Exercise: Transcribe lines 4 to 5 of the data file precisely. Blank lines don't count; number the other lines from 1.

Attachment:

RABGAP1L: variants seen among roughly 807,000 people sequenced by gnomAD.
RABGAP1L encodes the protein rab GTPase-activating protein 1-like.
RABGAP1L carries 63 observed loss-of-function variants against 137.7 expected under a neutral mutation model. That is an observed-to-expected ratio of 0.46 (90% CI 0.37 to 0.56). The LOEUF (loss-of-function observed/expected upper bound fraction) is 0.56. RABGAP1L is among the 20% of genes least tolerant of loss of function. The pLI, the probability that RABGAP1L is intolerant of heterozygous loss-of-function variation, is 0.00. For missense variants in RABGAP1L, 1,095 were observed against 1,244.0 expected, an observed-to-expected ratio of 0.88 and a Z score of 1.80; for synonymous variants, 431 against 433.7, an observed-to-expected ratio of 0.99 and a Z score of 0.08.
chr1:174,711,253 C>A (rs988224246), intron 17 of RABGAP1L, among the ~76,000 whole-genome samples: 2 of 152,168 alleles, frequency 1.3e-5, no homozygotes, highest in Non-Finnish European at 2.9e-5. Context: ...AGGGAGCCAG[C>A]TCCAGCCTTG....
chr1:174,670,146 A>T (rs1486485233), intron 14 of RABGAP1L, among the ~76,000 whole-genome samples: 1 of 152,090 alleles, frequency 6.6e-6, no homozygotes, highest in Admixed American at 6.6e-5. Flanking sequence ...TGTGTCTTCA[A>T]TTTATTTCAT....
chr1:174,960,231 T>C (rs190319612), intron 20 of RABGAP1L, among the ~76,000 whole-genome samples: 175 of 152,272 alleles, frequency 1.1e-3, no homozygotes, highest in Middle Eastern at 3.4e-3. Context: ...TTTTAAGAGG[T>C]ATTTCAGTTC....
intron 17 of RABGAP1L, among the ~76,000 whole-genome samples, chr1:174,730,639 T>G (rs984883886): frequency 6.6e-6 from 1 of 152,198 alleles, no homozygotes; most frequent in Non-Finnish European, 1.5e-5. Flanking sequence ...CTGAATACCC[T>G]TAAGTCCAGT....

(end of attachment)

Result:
chr1:174,711,253 C>A (rs988224246), intron 17 of RABGAP1L, among the ~76,000 whole-genome samples: 2 of 152,168 alleles, frequency 1.3e-5, no homozygotes, highest in Non-Finnish European at 2.9e-5. Context: ...AGGGAGCCAG[C>A]TCCAGCCTTG....
chr1:174,670,146 A>T (rs1486485233), intron 14 of RABGAP1L, among the ~76,000 whole-genome samples: 1 of 152,090 alleles, frequency 6.6e-6, no homozygotes, highest in Admixed American at 6.6e-5. Flanking sequence ...TGTGTCTTCA[A>T]TTTATTTCAT....